Requirements: This course fulfills the general literature requirement for one course pre-1660 or for one course pre-1800. It also satisfies the requirement for coursework in the following Areas of Concentration: Medieval and Early Modern British Literary and Cultural Studies; History of Text Technologies (HOTT). This course fulfills 3 credit hours of the academic requirement for the Certificate in Editing and Publishing. If a student has already met the academic requirement, the course can count for additional credits toward the 12-hour Certificate.
What do Pablo Picasso, Gilles Deleuze, Miley Cyrus, termite colonies, Rube Goldberg machines, and Facebook have in common? As we will see, they all deal in/with assemblages: from early 20th century artistry to 21st century ontologies, assemblage has manifested in a diverse variety of practices, concepts, and ways of be/come/ing. In this class, we will survey these various manifestations in order to better understand the ways the term has been used—that is, the rhetorics about assemblage—across movements and disciplines. Meanwhile, we will pursue the question, posed by Alex Reid and others, of what it might mean to ‘conceive of composing as a process involving the participation of human and nonhuman objects’—that is, to frame rhetorical action as a function of assemblages. Through our readings, discussions, activities, and assignments, we will ‘experiment in contact with the real’ toward an ‘expansion of possibilities’ for rhetorical action, particularly as we turn our attention to the social-media assemblages functioning in our private lives, our institutions, and our political discourse (Deleuze & Guattari; Shavino). Ultimately, we will seek to determine whether assemblage rhetorics live up to the succinct promise offered by Leslie Dema, as ‘a practical and simple-to-implement way of participating in the world.’
Pedagogy Workshop is intended to provide GTAs with continued support during their first year of teaching in the FSU College Composition Program. ENC 2135 teaching skills and preparation for future teaching opportunities and course design will be emphasized. PhD students will work with Dr. Lathan for the last half of the semester to develop expertise and lesson plans for teaching upper-level non-composition courses.
- Attend class regularly. This class will depend heavily on your participation. I expect you to have as much (or more) to learn from each other as from me or the guest speakers. If you must miss a class, please let me know. You should miss no more than one class during the semester. Missing a meeting with your mentor counts as a missed class.
- If you are an MA or MFA student, you will design a course you plan to teach in the summer or next year, and if you are a PhD student, you will work with Dr. Lathan during the last half of the semester and submit to her any assignments she gives you.
- Observe two classes you are interested in teaching, and write a 2-page observation/reflection essay on the courses you observed and the ideas/techniques you picked up that you might use in your own classes.
- Participate in activities with your mentor. You will meet with your mentor and the other GTAs in your mentoring group three times over the course of the semester. Your mentor will be available to offer support to you and will also observe classes you teach and write a letter for your teaching file. (GTAs who work with Dr. Lathan during the last half of the semester will not attend the final mentoring meeting.)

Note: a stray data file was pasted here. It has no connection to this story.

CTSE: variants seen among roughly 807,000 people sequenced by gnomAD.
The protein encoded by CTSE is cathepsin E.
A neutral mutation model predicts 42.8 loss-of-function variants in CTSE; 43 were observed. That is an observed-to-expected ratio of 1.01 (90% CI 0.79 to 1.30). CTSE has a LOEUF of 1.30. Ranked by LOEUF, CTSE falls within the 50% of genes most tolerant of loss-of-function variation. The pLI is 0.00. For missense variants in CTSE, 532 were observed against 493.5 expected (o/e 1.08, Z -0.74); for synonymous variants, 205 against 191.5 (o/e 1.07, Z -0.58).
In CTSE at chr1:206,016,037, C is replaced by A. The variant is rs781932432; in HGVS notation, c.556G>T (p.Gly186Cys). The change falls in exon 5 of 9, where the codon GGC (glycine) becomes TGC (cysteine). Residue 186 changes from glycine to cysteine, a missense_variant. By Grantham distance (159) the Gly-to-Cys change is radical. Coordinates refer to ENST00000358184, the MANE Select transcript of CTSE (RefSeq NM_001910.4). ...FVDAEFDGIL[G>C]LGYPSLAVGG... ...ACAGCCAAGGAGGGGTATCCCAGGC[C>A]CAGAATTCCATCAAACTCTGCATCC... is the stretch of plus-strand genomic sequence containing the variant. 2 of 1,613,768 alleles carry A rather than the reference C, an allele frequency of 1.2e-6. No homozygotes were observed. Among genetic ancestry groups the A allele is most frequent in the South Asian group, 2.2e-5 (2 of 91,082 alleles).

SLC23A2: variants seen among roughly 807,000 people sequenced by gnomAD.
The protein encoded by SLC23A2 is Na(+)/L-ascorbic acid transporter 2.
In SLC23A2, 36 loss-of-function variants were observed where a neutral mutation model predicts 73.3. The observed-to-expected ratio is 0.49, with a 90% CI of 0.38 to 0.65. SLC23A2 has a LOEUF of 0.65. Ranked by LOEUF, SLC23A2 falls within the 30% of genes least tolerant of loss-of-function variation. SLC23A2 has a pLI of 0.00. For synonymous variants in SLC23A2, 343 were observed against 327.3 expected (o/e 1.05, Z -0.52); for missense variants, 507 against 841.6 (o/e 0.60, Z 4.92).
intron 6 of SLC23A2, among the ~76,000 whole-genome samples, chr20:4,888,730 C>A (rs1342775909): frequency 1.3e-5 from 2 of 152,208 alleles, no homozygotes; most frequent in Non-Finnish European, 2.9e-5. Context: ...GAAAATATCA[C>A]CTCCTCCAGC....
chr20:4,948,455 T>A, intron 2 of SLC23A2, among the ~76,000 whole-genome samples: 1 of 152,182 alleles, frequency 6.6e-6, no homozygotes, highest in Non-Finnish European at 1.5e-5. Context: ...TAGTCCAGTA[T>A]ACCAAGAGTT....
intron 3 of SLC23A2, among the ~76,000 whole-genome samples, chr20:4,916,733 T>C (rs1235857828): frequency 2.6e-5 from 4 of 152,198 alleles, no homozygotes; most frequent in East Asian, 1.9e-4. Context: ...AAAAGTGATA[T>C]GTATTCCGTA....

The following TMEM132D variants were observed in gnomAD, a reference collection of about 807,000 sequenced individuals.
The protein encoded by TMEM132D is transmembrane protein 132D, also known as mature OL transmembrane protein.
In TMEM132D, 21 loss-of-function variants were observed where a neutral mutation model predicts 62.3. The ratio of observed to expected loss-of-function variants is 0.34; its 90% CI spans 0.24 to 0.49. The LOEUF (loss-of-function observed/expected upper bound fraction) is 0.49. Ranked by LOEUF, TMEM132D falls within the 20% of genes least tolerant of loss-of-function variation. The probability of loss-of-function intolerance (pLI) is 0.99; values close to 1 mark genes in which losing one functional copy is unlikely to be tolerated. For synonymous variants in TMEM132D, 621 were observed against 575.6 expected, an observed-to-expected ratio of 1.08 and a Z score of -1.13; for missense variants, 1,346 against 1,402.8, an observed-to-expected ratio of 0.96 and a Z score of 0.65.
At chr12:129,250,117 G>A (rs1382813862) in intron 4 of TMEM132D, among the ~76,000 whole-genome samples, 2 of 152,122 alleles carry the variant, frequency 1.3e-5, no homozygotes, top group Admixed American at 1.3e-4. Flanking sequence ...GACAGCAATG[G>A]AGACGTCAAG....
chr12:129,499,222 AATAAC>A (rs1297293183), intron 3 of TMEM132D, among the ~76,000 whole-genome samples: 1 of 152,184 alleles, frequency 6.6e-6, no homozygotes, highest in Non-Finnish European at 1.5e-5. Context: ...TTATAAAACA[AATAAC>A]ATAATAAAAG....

Essays used to enter the canon primarily through first-year writing anthologies. The essays had appeared originally in magazines and collections of the author’s work. In those first contexts they lived a particular life in the culture, but when they were transplanted into the composition anthologies their lives took a different turn. E. B. White's “Once More to the Lake,” for instance, is a famous and oft anthologized essay about a father and son fishing on a lake in Maine. It is still generally read and taught as a nostalgia piece, and often used as a prompt for a what-I-did-on-my-summer-vacation theme, but when it appeared in Harper’s in 1941 and was collected the following year in One Man’s Meat, it was read as a comment on isolationism and impending war. We cannot feel the war clouds gathering in quite the same way White’s original audience did, but we can historicize White’s essay and in so doing develop a deeper understanding of both American culture and essay form. This course is about form and context.
We will begin by discussing some readings on the form of the essay, genre, the creation of the essay canon, and the rise of the American magazine culture before proceeding to examine several classic and important modern American essays and the magazines in which they were published. We will read a variety of essays by great American writers—including H. L. Mencken, Zora Neale Hurston, Richard Wright, James Baldwin, John McPhee, Joan Didion, Mary McCarthy, and Joyce Carol Oates as well as more contemporary work, including digital, film and video essays—in order to improve our understanding of the form of the essay. We will study these essays as they originally appeared in magazines such as The New Yorker, Harper’s, Ms., and the Saturday Evening Post. Finally, we will take a look at the advent of the digital age and the new online contexts in which essays appear, sometimes as blog posts, sometimes as video essays, sometimes as Instagram essays.